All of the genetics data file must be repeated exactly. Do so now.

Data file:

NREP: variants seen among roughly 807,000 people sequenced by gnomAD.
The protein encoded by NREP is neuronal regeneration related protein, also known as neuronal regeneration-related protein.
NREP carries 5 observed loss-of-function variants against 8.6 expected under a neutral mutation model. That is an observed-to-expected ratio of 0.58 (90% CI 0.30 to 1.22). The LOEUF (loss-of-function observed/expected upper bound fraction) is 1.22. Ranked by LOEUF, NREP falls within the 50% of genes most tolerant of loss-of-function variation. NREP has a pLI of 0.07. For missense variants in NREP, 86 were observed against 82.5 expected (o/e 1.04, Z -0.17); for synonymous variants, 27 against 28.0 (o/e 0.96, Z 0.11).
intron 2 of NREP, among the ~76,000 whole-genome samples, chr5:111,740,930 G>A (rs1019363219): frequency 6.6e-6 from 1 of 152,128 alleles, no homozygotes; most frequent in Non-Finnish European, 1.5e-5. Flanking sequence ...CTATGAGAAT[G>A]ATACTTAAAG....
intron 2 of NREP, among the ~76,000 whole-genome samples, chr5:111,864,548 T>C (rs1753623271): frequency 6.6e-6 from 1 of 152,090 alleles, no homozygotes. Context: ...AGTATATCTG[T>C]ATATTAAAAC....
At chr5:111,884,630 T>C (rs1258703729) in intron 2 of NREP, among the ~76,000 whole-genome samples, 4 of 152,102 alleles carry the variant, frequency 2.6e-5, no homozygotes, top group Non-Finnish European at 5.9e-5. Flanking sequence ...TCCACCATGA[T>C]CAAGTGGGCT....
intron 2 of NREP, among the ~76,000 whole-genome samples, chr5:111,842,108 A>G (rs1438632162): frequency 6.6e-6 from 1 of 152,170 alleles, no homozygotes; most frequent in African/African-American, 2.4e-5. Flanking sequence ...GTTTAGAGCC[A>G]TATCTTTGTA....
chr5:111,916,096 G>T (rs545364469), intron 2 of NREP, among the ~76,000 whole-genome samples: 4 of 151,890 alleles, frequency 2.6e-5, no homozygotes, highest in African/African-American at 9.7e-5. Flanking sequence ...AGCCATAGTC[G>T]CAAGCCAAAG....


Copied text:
NREP: variants seen among roughly 807,000 people sequenced by gnomAD.
The protein encoded by NREP is neuronal regeneration related protein, also known as neuronal regeneration-related protein.
NREP carries 5 observed loss-of-function variants against 8.6 expected under a neutral mutation model. That is an observed-to-expected ratio of 0.58 (90% CI 0.30 to 1.22). The LOEUF (loss-of-function observed/expected upper bound fraction) is 1.22. Ranked by LOEUF, NREP falls within the 50% of genes most tolerant of loss-of-function variation. NREP has a pLI of 0.07. For missense variants in NREP, 86 were observed against 82.5 expected (o/e 1.04, Z -0.17); for synonymous variants, 27 against 28.0 (o/e 0.96, Z 0.11).
intron 2 of NREP, among the ~76,000 whole-genome samples, chr5:111,740,930 G>A (rs1019363219): frequency 6.6e-6 from 1 of 152,128 alleles, no homozygotes; most frequent in Non-Finnish European, 1.5e-5. Flanking sequence ...CTATGAGAAT[G>A]ATACTTAAAG....
intron 2 of NREP, among the ~76,000 whole-genome samples, chr5:111,864,548 T>C (rs1753623271): frequency 6.6e-6 from 1 of 152,090 alleles, no homozygotes. Context: ...AGTATATCTG[T>C]ATATTAAAAC....
At chr5:111,884,630 T>C (rs1258703729) in intron 2 of NREP, among the ~76,000 whole-genome samples, 4 of 152,102 alleles carry the variant, frequency 2.6e-5, no homozygotes, top group Non-Finnish European at 5.9e-5. Flanking sequence ...TCCACCATGA[T>C]CAAGTGGGCT....
intron 2 of NREP, among the ~76,000 whole-genome samples, chr5:111,842,108 A>G (rs1438632162): frequency 6.6e-6 from 1 of 152,170 alleles, no homozygotes; most frequent in African/African-American, 2.4e-5. Flanking sequence ...GTTTAGAGCC[A>G]TATCTTTGTA....
chr5:111,916,096 G>T (rs545364469), intron 2 of NREP, among the ~76,000 whole-genome samples: 4 of 151,890 alleles, frequency 2.6e-5, no homozygotes, highest in African/African-American at 9.7e-5. Flanking sequence ...AGCCATAGTC[G>T]CAAGCCAAAG....